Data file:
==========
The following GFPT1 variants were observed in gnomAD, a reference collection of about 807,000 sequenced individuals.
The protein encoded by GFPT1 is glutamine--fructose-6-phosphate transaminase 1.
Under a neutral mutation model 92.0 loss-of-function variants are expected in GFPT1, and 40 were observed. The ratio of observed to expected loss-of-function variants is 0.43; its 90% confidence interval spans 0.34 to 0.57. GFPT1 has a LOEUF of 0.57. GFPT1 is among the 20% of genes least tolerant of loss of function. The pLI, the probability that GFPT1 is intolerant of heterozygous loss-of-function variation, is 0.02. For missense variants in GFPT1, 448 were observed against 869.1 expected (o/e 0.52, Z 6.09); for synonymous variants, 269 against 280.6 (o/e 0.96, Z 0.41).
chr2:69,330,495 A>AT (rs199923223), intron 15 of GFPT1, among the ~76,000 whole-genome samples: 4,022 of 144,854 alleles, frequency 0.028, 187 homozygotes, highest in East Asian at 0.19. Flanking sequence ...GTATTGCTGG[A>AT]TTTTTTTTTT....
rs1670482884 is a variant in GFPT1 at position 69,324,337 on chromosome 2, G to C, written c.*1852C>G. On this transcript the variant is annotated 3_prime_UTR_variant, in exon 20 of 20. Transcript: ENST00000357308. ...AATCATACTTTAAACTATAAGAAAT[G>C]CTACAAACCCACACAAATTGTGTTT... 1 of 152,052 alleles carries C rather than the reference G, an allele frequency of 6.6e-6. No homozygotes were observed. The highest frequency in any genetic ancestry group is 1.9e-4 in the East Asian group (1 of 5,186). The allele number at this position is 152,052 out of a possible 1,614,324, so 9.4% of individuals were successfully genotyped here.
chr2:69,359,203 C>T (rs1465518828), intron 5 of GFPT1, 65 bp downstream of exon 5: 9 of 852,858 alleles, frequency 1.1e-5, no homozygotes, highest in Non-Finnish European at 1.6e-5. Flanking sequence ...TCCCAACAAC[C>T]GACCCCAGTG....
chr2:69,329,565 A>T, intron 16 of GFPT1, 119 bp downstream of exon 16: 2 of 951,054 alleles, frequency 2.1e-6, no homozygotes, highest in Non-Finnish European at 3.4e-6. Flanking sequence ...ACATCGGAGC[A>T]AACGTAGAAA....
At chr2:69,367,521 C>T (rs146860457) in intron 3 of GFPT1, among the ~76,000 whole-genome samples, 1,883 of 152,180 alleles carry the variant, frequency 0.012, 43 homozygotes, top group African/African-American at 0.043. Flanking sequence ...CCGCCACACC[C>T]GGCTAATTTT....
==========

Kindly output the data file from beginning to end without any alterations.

The following GFPT1 variants were observed in gnomAD, a reference collection of about 807,000 sequenced individuals.
The protein encoded by GFPT1 is glutamine--fructose-6-phosphate transaminase 1.
Under a neutral mutation model 92.0 loss-of-function variants are expected in GFPT1, and 40 were observed. The ratio of observed to expected loss-of-function variants is 0.43; its 90% confidence interval spans 0.34 to 0.57. GFPT1 has a LOEUF of 0.57. GFPT1 is among the 20% of genes least tolerant of loss of function. The pLI, the probability that GFPT1 is intolerant of heterozygous loss-of-function variation, is 0.02. For missense variants in GFPT1, 448 were observed against 869.1 expected (o/e 0.52, Z 6.09); for synonymous variants, 269 against 280.6 (o/e 0.96, Z 0.41).
chr2:69,330,495 A>AT (rs199923223), intron 15 of GFPT1, among the ~76,000 whole-genome samples: 4,022 of 144,854 alleles, frequency 0.028, 187 homozygotes, highest in East Asian at 0.19. Flanking sequence ...GTATTGCTGG[A>AT]TTTTTTTTTT....
rs1670482884 is a variant in GFPT1 at position 69,324,337 on chromosome 2, G to C, written c.*1852C>G. On this transcript the variant is annotated 3_prime_UTR_variant, in exon 20 of 20. Transcript: ENST00000357308. ...AATCATACTTTAAACTATAAGAAAT[G>C]CTACAAACCCACACAAATTGTGTTT... 1 of 152,052 alleles carries C rather than the reference G, an allele frequency of 6.6e-6. No homozygotes were observed. The highest frequency in any genetic ancestry group is 1.9e-4 in the East Asian group (1 of 5,186). The allele number at this position is 152,052 out of a possible 1,614,324, so 9.4% of individuals were successfully genotyped here.
chr2:69,359,203 C>T (rs1465518828), intron 5 of GFPT1, 65 bp downstream of exon 5: 9 of 852,858 alleles, frequency 1.1e-5, no homozygotes, highest in Non-Finnish European at 1.6e-5. Flanking sequence ...TCCCAACAAC[C>T]GACCCCAGTG....
chr2:69,329,565 A>T, intron 16 of GFPT1, 119 bp downstream of exon 16: 2 of 951,054 alleles, frequency 2.1e-6, no homozygotes, highest in Non-Finnish European at 3.4e-6. Flanking sequence ...ACATCGGAGC[A>T]AACGTAGAAA....
At chr2:69,367,521 C>T (rs146860457) in intron 3 of GFPT1, among the ~76,000 whole-genome samples, 1,883 of 152,180 alleles carry the variant, frequency 0.012, 43 homozygotes, top group African/African-American at 0.043. Flanking sequence ...CCGCCACACC[C>T]GGCTAATTTT....